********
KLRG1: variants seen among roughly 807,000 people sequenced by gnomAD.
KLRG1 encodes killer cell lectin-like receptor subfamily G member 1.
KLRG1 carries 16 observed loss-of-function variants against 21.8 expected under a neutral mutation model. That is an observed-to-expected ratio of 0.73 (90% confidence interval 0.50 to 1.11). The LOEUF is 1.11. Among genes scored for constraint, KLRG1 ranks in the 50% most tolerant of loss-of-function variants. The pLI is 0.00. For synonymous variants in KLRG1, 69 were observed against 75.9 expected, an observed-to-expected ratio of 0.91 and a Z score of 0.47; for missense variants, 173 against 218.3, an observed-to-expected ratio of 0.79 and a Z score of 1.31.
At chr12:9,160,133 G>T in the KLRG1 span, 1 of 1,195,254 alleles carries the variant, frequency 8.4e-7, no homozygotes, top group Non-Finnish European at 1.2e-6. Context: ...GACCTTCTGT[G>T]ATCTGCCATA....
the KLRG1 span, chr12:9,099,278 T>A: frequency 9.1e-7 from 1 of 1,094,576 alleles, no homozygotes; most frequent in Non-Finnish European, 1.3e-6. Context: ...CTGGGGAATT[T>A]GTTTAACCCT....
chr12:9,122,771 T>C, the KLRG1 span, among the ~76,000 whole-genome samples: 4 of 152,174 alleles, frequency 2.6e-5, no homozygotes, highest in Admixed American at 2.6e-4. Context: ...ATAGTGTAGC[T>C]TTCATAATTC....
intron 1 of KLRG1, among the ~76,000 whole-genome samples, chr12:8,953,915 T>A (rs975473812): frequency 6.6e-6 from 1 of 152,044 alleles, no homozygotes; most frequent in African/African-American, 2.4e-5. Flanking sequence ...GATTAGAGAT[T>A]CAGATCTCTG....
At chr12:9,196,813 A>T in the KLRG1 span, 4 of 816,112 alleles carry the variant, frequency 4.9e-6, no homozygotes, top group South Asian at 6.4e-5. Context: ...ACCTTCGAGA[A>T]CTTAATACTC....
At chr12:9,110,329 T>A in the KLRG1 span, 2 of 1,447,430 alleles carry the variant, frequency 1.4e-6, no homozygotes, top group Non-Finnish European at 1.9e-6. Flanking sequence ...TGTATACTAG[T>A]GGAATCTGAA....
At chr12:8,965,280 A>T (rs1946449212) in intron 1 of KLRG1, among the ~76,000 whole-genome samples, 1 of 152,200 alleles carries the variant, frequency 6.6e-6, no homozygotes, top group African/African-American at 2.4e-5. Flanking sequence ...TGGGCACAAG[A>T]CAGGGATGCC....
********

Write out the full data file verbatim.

KLRG1: variants seen among roughly 807,000 people sequenced by gnomAD.
KLRG1 encodes killer cell lectin-like receptor subfamily G member 1.
KLRG1 carries 16 observed loss-of-function variants against 21.8 expected under a neutral mutation model. That is an observed-to-expected ratio of 0.73 (90% confidence interval 0.50 to 1.11). The LOEUF is 1.11. Among genes scored for constraint, KLRG1 ranks in the 50% most tolerant of loss-of-function variants. The pLI is 0.00. For synonymous variants in KLRG1, 69 were observed against 75.9 expected, an observed-to-expected ratio of 0.91 and a Z score of 0.47; for missense variants, 173 against 218.3, an observed-to-expected ratio of 0.79 and a Z score of 1.31.
At chr12:9,160,133 G>T in the KLRG1 span, 1 of 1,195,254 alleles carries the variant, frequency 8.4e-7, no homozygotes, top group Non-Finnish European at 1.2e-6. Context: ...GACCTTCTGT[G>T]ATCTGCCATA....
the KLRG1 span, chr12:9,099,278 T>A: frequency 9.1e-7 from 1 of 1,094,576 alleles, no homozygotes; most frequent in Non-Finnish European, 1.3e-6. Context: ...CTGGGGAATT[T>A]GTTTAACCCT....
chr12:9,122,771 T>C, the KLRG1 span, among the ~76,000 whole-genome samples: 4 of 152,174 alleles, frequency 2.6e-5, no homozygotes, highest in Admixed American at 2.6e-4. Context: ...ATAGTGTAGC[T>C]TTCATAATTC....
intron 1 of KLRG1, among the ~76,000 whole-genome samples, chr12:8,953,915 T>A (rs975473812): frequency 6.6e-6 from 1 of 152,044 alleles, no homozygotes; most frequent in African/African-American, 2.4e-5. Flanking sequence ...GATTAGAGAT[T>A]CAGATCTCTG....
At chr12:9,196,813 A>T in the KLRG1 span, 4 of 816,112 alleles carry the variant, frequency 4.9e-6, no homozygotes, top group South Asian at 6.4e-5. Context: ...ACCTTCGAGA[A>T]CTTAATACTC....
At chr12:9,110,329 T>A in the KLRG1 span, 2 of 1,447,430 alleles carry the variant, frequency 1.4e-6, no homozygotes, top group Non-Finnish European at 1.9e-6. Flanking sequence ...TGTATACTAG[T>A]GGAATCTGAA....
At chr12:8,965,280 A>T (rs1946449212) in intron 1 of KLRG1, among the ~76,000 whole-genome samples, 1 of 152,200 alleles carries the variant, frequency 6.6e-6, no homozygotes, top group African/African-American at 2.4e-5. Flanking sequence ...TGGGCACAAG[A>T]CAGGGATGCC....